I received an email from a friend living in Texas after he read my post. His account of the weather and the devastation is being caused is only a fraction of that being reported in the UK.  Out of respect for those affected I would like to acknowledge that I was in no way trying to dumb down the trauma such events cause and hope that the people caught in the flood areas are safe and well.  


Posted in Dominant Reflections and tagged , .


  1. Let me preface this by saying that, I have never been to Texas, nor in my personal life, have ever been faced with anything like what Houston, SE Texas and southern Louisiana are facing. I also know that you would never post something that was not meant to be educational.

    FEMA does not have the best reputation among most Americans, however, when it comes to natural disaster planning, they are a response organization, not first responders. They also have very little say in evacuation or shelter planning. Yes, there is worst case planning, but what is going on currently is far beyond anyone’s imagination.

    I’ve been watching live local news coverage the past three days, and not one local person has said they expected it to be this bad. Houston and the surrounding area is one great clay floodplain and floods every couple of years. Complicating the matter is that better flood control hasn’t been addressed due to numerous jurisdictions who haven’t been able to cooperate. Compounding this, is the fact that Houston has no zoning laws. You can build anything you like anyplace.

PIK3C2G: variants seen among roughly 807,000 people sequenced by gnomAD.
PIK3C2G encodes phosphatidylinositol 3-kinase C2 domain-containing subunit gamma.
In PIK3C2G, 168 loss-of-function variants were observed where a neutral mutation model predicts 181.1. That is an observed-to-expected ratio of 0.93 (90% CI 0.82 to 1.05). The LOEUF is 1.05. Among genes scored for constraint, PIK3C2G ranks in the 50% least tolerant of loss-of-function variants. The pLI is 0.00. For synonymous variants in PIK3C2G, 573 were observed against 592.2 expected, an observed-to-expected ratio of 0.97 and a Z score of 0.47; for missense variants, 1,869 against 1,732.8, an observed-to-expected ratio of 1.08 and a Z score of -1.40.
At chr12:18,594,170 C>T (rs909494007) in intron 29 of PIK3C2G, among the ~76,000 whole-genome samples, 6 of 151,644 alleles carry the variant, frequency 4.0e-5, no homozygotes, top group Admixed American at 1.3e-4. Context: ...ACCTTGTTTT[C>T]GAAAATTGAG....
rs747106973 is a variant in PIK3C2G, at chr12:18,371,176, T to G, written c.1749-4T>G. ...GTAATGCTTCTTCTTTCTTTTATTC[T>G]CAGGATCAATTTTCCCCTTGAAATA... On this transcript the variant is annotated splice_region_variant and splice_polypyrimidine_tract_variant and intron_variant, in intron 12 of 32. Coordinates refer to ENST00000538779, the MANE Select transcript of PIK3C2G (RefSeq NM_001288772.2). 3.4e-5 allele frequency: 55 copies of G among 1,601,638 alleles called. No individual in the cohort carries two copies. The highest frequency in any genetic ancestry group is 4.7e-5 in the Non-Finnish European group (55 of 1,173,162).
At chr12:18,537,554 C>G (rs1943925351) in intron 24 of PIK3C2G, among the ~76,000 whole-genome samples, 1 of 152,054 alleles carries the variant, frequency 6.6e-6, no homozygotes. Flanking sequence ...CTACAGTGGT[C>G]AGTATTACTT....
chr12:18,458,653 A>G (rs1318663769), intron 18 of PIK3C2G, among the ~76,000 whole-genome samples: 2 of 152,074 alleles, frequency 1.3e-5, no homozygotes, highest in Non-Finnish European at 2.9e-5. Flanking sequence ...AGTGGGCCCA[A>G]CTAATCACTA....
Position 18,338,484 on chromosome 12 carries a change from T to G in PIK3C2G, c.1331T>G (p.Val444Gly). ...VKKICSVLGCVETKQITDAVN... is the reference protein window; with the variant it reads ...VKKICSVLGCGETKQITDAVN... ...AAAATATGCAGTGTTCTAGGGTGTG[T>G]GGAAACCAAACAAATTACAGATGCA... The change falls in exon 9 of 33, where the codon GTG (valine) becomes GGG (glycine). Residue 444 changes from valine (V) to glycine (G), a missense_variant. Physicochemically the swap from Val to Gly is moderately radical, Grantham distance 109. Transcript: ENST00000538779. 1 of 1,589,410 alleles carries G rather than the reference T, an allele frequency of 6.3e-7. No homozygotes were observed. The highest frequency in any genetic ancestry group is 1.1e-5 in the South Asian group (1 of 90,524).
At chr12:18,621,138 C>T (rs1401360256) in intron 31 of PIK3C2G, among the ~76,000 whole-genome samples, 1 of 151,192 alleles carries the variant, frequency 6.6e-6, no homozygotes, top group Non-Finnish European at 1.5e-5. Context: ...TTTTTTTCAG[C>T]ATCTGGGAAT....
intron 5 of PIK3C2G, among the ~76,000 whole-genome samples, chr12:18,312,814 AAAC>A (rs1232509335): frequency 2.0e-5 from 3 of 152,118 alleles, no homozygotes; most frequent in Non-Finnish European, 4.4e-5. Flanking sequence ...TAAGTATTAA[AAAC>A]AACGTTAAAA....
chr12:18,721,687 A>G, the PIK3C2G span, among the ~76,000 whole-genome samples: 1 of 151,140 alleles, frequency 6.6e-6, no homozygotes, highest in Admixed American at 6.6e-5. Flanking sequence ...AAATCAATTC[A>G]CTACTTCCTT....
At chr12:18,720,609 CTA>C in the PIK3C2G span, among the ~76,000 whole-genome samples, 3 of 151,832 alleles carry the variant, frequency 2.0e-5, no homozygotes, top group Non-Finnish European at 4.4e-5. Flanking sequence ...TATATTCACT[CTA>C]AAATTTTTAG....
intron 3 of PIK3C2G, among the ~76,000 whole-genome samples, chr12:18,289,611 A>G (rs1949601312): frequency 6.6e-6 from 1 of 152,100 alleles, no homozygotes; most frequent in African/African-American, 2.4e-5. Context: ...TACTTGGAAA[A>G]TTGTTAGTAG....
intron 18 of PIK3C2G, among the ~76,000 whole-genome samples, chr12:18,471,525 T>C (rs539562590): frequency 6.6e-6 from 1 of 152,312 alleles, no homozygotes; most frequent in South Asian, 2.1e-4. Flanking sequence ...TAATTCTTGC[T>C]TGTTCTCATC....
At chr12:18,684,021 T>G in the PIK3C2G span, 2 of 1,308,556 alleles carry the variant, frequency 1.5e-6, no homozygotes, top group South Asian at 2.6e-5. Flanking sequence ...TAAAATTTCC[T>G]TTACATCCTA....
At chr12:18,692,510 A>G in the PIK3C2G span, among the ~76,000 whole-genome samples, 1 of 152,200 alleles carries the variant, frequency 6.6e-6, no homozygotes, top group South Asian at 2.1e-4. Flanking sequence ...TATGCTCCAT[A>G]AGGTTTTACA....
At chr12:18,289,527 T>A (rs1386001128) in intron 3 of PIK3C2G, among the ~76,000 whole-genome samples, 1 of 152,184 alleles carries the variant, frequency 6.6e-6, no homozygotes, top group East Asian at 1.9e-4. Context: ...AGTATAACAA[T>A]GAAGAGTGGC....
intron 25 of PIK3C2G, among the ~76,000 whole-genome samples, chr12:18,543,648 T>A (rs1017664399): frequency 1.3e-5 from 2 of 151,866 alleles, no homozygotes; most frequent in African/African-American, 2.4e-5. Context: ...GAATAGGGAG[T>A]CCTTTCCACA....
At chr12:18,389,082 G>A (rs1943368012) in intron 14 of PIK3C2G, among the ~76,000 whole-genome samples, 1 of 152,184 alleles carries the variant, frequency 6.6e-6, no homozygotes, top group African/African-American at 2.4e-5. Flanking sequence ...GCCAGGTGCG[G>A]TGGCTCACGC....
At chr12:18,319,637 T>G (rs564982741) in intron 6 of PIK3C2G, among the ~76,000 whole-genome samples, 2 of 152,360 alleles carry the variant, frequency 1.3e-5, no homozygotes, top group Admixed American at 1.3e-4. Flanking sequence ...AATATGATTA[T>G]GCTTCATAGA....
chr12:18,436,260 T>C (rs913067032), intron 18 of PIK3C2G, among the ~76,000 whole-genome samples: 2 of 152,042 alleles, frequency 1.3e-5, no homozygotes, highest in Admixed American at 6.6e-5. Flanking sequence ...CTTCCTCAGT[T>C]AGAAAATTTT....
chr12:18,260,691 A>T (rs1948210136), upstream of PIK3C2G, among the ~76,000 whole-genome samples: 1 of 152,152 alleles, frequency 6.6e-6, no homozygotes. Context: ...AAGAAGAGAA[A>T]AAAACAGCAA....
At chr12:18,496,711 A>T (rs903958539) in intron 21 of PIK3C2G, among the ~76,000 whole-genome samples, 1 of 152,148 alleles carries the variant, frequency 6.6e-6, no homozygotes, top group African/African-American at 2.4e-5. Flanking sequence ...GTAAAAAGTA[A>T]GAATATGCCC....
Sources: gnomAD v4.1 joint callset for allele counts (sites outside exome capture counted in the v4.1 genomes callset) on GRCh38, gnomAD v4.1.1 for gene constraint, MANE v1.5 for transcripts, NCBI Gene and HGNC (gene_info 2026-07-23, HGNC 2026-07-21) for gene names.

Hurricane Harvey has dumped a year’s worth of rain in less than a week. No system would have prevented flooding, when two inches brings water over streets in a normal storm. In a city of 2 million, with over 6 million in the Metro area, there isn’t much evacuation anyone could order, when the massive flooding is occurring in residential areas that have never flooding before.

    It is true that people should plan ahead and have plenty of food and water, but that does little good when your home has four feet of water rush through the front door. I saw one home a couple of days ago along Buffalo Bayou. The homes were built on stilts over thirty feet above the water level. The flooding still came at least two feet into the lower level of the home.

    What has been happening over the past two days, is thousands of people using personal boats and trucks to rescue stranded people because the combined efforts of law enforcement, the National Guard and the Coast Guard have been overwhelmed by the catastrophe.

    You can watch a livestream on local ABC13 or FOX26 in Houston. It is worse than any disaster movie could ever portray.

    • If it keeps raining, the 350 crocs might swim out of the nature reserve and into the Houston river. It’s literal on the verge of being a scifi B-Movie at this point.